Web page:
Energy-starved Nepal’s plans to import 80 MW electricity from India from February 16 have turned uncertain due to last-minute differences related to pricing, a media report said on THursday.
The tariff issue emerged after India assigned NTPC Vidyut Vyapar Nigam to export power to Nepal. Previously, India’s Power Trading Corporation (PTC) was supposed to supply the 80 MW electricity. PTC had proposed selling the electricity at Rs 5.5 per unit, but NTPS has now demanded Rs 8.8 per unit, The Kathmandu Post reported.
"The issue surfaced after a new agency was brought onboard to supply energy to Nepal. We are doing our bit to resolve the issue at the earliest," NEA Managing Director Mukesh Kafle was quoted as saying by the paper.
After NEA’s appeal to Indian agencies concerned to abide by the proposal made earlier failed, it has corresponded to India’s Power Ministry through the Ministry of Foreign Affairs over the issue.
"We are sure the G2G (government-to-government) negotiation will yield positive results," said Kafle.
The hurdle comes even as the construction of the 400kV Dhalkebar-Muzaffarpur cross-border transmission line was set to complete by today and a test transmission would begin from tomorrow.
"This marks the end of infrastructure development of the cross-border transmission line," Kafle said.
Nepal purchases energy from PTC at Rs 5.80 per unit on an average. The country is currently importing 200-230MW electricity from India everyday. The import of additional energy will help reduce load shedding by around two hours a day.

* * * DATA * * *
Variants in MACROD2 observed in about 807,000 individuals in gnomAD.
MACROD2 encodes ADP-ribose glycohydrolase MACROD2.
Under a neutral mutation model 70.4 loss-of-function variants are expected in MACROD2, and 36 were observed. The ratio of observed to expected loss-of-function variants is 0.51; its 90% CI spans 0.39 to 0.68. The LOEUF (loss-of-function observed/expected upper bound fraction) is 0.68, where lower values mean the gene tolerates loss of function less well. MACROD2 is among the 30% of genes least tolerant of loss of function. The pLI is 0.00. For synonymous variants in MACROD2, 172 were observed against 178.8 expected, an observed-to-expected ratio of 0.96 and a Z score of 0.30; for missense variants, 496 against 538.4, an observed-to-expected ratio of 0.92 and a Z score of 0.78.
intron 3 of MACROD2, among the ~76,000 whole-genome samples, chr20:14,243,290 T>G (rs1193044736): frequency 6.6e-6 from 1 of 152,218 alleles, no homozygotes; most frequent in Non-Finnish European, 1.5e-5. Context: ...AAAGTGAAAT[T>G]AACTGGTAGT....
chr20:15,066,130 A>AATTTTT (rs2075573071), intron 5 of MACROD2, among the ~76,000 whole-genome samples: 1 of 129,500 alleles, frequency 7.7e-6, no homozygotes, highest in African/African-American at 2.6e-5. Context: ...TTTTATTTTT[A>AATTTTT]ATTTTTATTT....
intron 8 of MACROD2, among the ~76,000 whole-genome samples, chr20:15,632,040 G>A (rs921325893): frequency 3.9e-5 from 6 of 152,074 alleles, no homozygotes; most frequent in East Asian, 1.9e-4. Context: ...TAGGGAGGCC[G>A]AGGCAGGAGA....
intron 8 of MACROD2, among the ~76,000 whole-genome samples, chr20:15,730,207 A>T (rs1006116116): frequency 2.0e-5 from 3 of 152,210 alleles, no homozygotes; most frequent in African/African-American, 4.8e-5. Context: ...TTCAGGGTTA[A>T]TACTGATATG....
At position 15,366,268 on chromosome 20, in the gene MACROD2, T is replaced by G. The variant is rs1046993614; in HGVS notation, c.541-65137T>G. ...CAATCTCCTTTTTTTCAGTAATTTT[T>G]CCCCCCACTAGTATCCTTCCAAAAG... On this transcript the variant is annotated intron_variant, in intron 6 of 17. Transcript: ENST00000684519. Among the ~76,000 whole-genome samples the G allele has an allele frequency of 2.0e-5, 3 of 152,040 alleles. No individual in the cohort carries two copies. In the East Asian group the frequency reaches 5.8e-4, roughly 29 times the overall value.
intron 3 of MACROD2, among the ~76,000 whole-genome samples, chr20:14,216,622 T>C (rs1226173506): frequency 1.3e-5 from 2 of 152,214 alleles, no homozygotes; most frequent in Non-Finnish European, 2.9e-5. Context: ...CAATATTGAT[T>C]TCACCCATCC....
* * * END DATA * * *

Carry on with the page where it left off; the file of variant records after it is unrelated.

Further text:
However, Kafle said NEA could not import the additional energy until the tariff-related issues are resolved.
"This is a commercial deal and without clarity on tariff we simply cannot act," he said, adding since the import of the additional energy falls under the government’s priority, he was optimistic the issue would be resolved soon.
During a Nepal-India Joint Steering Committee meeting in January, the two countries had discussed Nepal importing up to 200MW energy from the Dhalkebar-Muzaffarpur transmission line within the next winter season and had agreed to make the project functional in full capacity by December 2017.
Once the project is operated in full capacity, Nepal will be able to import around 940MW energy from India.